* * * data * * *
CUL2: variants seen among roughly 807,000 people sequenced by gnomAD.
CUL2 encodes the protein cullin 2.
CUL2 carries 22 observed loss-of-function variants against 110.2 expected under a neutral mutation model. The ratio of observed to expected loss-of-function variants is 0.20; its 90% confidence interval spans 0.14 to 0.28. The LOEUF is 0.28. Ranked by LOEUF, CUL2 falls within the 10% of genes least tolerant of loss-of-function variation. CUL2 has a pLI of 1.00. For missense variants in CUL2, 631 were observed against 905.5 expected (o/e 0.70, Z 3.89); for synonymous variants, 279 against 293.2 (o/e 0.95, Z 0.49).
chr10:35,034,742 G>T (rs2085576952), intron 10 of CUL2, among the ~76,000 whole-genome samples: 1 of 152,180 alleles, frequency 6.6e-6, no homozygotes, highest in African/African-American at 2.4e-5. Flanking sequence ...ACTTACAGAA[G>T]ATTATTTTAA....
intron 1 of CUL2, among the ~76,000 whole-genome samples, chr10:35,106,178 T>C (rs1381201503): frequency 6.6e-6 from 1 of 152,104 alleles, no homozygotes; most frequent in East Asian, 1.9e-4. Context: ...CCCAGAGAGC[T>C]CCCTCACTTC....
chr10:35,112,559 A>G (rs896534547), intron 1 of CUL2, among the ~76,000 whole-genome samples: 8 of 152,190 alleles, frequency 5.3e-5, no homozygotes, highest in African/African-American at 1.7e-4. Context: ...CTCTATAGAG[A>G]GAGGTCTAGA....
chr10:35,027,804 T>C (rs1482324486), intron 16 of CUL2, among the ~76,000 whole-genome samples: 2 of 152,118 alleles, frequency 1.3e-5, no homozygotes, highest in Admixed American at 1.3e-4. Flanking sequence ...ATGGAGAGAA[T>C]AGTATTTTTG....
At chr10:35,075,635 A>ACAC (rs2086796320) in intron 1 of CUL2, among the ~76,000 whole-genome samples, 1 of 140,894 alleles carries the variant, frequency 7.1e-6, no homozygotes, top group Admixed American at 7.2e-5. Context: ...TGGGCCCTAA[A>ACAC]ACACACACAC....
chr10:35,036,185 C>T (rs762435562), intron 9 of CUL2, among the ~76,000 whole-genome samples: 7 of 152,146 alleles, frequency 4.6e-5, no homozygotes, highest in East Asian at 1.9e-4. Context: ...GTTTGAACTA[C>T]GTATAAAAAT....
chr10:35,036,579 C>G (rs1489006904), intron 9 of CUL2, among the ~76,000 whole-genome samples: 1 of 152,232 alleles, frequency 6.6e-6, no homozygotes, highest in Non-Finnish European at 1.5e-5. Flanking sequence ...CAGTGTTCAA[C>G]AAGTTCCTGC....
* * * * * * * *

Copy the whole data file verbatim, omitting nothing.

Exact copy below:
CUL2: variants seen among roughly 807,000 people sequenced by gnomAD.
CUL2 encodes the protein cullin 2.
CUL2 carries 22 observed loss-of-function variants against 110.2 expected under a neutral mutation model. The ratio of observed to expected loss-of-function variants is 0.20; its 90% confidence interval spans 0.14 to 0.28. The LOEUF is 0.28. Ranked by LOEUF, CUL2 falls within the 10% of genes least tolerant of loss-of-function variation. CUL2 has a pLI of 1.00. For missense variants in CUL2, 631 were observed against 905.5 expected (o/e 0.70, Z 3.89); for synonymous variants, 279 against 293.2 (o/e 0.95, Z 0.49).
chr10:35,034,742 G>T (rs2085576952), intron 10 of CUL2, among the ~76,000 whole-genome samples: 1 of 152,180 alleles, frequency 6.6e-6, no homozygotes, highest in African/African-American at 2.4e-5. Flanking sequence ...ACTTACAGAA[G>T]ATTATTTTAA....
intron 1 of CUL2, among the ~76,000 whole-genome samples, chr10:35,106,178 T>C (rs1381201503): frequency 6.6e-6 from 1 of 152,104 alleles, no homozygotes; most frequent in East Asian, 1.9e-4. Context: ...CCCAGAGAGC[T>C]CCCTCACTTC....
chr10:35,112,559 A>G (rs896534547), intron 1 of CUL2, among the ~76,000 whole-genome samples: 8 of 152,190 alleles, frequency 5.3e-5, no homozygotes, highest in African/African-American at 1.7e-4. Context: ...CTCTATAGAG[A>G]GAGGTCTAGA....
chr10:35,027,804 T>C (rs1482324486), intron 16 of CUL2, among the ~76,000 whole-genome samples: 2 of 152,118 alleles, frequency 1.3e-5, no homozygotes, highest in Admixed American at 1.3e-4. Flanking sequence ...ATGGAGAGAA[T>C]AGTATTTTTG....
At chr10:35,075,635 A>ACAC (rs2086796320) in intron 1 of CUL2, among the ~76,000 whole-genome samples, 1 of 140,894 alleles carries the variant, frequency 7.1e-6, no homozygotes, top group Admixed American at 7.2e-5. Context: ...TGGGCCCTAA[A>ACAC]ACACACACAC....
chr10:35,036,185 C>T (rs762435562), intron 9 of CUL2, among the ~76,000 whole-genome samples: 7 of 152,146 alleles, frequency 4.6e-5, no homozygotes, highest in East Asian at 1.9e-4. Context: ...GTTTGAACTA[C>T]GTATAAAAAT....
chr10:35,036,579 C>G (rs1489006904), intron 9 of CUL2, among the ~76,000 whole-genome samples: 1 of 152,232 alleles, frequency 6.6e-6, no homozygotes, highest in Non-Finnish European at 1.5e-5. Flanking sequence ...CAGTGTTCAA[C>G]AAGTTCCTGC....